Improving Your Study Methods
student-sheet A and
Read the vocabulary
terms and definitions out loud (taking turns with your partner), then
work with your partner to fill in the missing information below. As you
do, notice the words that you have trouble understanding (this will tell
you about weaknesses in pronunciation and/or listening). If needed, spell
missing words for your partner, but DO NOT let your partner see your page!
When you finish, use your eyes to compare papers (to be sure you have the
complete information). For extra oral practice, talk about the
Underlined words are in the
I. How to Take Good Notes: The Five R’s
A. Recording – write down ____________________________ and
1. Use an ______________________ to show the difference between
major and minor information
a. In your notes, indicate the material’s significance
by using an ________________________ [e.g., (A,B,C) for main points, but (a,b,c)
for supporting points]
b. Listen closely for your _________________________ signal
words that indicate major points (such as “this is important” or
“be sure you understand this”)
c. Take lecture _____________ using only ____________________
half of your page; leave the other side free for complementary
notes on this topic from your textbook.
to mentally _________________________ the flow of the lecture,
don’t just passively listen
a. Develop a big picture _________________: don’t get
distracted by isolated facts.
b. Concentrate on the overall _____________ or ________________
of the lecture. How do sub-points support that theme?
– summarize the _______________ in a simple form
Summarize using your own words instead of trying to copy the
Remember that notes are reminders, not a transcript or
______________ of the material.
Copy verbatim only definitions and other material that needs to be
Quickly write notes in brief phrases, not complete sentences.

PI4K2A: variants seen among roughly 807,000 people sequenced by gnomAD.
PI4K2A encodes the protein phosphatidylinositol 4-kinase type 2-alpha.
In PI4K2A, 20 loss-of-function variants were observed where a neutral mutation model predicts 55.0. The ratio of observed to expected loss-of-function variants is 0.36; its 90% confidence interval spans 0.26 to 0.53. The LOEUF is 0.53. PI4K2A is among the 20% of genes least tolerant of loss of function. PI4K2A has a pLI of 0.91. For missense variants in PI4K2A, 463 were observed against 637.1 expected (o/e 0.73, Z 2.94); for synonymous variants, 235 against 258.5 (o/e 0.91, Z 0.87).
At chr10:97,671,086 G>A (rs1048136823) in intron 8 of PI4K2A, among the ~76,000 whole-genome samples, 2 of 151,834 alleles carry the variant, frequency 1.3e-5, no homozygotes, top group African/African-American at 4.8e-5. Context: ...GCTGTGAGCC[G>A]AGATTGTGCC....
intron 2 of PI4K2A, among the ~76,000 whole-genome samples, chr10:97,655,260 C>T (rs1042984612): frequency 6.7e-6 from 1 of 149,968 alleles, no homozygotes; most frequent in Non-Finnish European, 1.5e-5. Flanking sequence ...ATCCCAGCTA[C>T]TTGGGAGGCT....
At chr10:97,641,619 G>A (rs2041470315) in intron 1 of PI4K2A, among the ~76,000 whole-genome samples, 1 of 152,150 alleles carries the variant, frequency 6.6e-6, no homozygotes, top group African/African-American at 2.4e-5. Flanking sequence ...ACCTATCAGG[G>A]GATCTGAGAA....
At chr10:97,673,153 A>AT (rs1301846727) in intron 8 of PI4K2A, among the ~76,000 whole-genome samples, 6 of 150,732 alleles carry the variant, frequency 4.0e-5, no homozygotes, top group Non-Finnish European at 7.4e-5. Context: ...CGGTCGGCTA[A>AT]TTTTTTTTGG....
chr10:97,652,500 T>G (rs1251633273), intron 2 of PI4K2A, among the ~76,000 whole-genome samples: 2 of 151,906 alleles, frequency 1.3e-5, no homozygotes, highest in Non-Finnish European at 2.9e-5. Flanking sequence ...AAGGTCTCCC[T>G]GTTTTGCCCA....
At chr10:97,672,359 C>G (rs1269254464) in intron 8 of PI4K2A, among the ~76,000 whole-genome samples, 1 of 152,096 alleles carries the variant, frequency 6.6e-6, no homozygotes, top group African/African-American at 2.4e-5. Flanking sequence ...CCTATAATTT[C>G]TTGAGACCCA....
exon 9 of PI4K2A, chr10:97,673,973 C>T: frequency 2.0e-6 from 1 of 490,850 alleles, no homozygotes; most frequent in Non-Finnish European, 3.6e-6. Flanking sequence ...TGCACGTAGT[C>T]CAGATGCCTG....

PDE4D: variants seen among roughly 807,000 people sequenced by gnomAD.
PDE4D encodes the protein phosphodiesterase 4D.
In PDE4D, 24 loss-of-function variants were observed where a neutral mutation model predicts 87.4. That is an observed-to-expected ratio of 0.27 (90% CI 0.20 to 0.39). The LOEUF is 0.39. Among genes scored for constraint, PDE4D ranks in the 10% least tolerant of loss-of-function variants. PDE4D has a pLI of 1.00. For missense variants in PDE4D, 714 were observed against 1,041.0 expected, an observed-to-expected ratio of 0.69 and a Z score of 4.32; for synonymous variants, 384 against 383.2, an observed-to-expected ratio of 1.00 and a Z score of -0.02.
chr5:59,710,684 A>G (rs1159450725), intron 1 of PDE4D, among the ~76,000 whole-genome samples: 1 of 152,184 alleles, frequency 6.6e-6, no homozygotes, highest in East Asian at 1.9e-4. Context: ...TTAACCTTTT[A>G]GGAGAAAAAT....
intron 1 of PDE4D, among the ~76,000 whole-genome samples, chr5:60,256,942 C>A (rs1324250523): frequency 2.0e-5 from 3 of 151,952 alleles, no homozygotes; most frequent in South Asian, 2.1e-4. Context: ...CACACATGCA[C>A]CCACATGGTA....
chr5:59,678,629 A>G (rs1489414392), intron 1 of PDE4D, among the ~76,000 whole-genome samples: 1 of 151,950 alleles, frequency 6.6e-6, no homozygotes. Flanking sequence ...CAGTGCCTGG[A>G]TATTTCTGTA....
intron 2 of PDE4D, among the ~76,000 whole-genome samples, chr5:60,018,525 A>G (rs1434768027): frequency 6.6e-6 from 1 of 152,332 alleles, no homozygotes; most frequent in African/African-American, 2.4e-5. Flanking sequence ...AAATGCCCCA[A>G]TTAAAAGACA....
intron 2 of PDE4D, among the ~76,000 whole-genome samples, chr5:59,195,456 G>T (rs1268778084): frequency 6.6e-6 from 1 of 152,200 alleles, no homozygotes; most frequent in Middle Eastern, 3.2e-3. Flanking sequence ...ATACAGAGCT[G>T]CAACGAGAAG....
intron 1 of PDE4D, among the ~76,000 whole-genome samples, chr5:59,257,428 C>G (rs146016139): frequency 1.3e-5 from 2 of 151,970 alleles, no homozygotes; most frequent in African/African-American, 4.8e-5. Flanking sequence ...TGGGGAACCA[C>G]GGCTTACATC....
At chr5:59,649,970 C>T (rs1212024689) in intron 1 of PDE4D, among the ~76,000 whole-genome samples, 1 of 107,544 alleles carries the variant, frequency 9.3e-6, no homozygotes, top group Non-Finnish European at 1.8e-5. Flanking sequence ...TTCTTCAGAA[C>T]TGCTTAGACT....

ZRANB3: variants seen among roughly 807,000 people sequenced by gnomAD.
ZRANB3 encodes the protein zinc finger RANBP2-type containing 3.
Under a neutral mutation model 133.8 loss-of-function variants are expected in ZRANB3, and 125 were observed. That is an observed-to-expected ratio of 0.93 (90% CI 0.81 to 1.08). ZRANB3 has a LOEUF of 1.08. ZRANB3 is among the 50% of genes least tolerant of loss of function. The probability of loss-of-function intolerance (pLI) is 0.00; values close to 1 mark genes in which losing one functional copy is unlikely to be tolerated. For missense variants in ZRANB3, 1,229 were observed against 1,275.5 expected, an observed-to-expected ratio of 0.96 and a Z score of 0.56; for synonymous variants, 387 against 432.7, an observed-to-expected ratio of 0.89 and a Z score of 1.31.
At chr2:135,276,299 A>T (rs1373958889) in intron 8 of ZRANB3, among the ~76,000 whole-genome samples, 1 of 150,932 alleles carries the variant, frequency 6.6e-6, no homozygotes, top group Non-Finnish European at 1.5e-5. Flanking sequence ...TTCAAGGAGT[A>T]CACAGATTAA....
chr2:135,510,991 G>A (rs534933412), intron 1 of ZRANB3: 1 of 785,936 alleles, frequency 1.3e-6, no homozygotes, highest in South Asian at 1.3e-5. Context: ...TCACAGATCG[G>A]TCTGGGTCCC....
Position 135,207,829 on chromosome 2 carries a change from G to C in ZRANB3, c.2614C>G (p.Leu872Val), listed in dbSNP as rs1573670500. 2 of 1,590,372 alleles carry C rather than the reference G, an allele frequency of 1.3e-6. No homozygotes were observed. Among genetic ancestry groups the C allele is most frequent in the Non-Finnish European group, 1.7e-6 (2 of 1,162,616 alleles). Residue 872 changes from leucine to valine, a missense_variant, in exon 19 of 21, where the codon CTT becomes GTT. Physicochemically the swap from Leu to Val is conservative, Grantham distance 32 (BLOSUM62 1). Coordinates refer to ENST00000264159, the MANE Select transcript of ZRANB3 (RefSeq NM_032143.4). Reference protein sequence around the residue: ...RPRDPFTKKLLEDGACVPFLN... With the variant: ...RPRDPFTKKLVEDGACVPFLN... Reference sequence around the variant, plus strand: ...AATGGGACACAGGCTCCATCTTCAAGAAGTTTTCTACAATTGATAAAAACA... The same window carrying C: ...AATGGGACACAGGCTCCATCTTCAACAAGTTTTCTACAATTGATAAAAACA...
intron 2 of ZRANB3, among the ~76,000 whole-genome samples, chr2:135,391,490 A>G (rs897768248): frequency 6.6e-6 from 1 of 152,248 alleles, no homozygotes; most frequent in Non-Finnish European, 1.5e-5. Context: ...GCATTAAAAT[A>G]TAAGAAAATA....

c. Develop _____________________ system of abbreviations
for long __________________ (e.g., medc=medicine, medl=medical)
C. Revising – look over and fix the material as soon as possible
after recording it
1. Fix (revise) confusing fragments of
________________________ in your __________________.
2. Clarify abbreviations; be sure you will still know
_______________________ a month from now.
3. __________________________ some connecting thoughts or facts
missing? If so, find them!
4. Don’t be afraid to ask a ____________________ or your
_____________________ for help.
D. Reflecting – think about what you’ve written down
1. Did you get the meat _______________________ of the
lecture? Can you see the big picture?
2. Can you discover ______________________ of your professor’s
3. Do you see both general information, and particular
E. Reviewing – review your notes ____________________ you
took them, and also before the exam.
1. Involve more senses by reading your notes out loud.
2. Begin early when ________________________ for exams; make time to
review __________________, not just one time.
II. Studying for Exams
A. Compile all of your source material (lecture notes, textbook